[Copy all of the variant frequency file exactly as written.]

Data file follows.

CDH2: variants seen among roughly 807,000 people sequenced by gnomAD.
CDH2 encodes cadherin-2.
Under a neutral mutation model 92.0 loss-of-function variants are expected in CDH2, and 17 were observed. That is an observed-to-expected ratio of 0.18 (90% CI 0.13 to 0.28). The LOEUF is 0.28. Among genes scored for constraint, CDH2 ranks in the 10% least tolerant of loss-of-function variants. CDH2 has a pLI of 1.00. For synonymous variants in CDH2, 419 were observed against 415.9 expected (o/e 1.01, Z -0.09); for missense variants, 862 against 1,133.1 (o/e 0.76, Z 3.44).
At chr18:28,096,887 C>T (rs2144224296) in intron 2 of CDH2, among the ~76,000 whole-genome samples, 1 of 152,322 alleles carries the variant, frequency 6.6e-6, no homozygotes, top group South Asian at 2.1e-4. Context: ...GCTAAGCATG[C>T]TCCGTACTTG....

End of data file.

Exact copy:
CDH2: variants seen among roughly 807,000 people sequenced by gnomAD.
CDH2 encodes cadherin-2.
Under a neutral mutation model 92.0 loss-of-function variants are expected in CDH2, and 17 were observed. That is an observed-to-expected ratio of 0.18 (90% CI 0.13 to 0.28). The LOEUF is 0.28. Among genes scored for constraint, CDH2 ranks in the 10% least tolerant of loss-of-function variants. CDH2 has a pLI of 1.00. For synonymous variants in CDH2, 419 were observed against 415.9 expected (o/e 1.01, Z -0.09); for missense variants, 862 against 1,133.1 (o/e 0.76, Z 3.44).
At chr18:28,096,887 C>T (rs2144224296) in intron 2 of CDH2, among the ~76,000 whole-genome samples, 1 of 152,322 alleles carries the variant, frequency 6.6e-6, no homozygotes, top group South Asian at 2.1e-4. Context: ...GCTAAGCATG[C>T]TCCGTACTTG....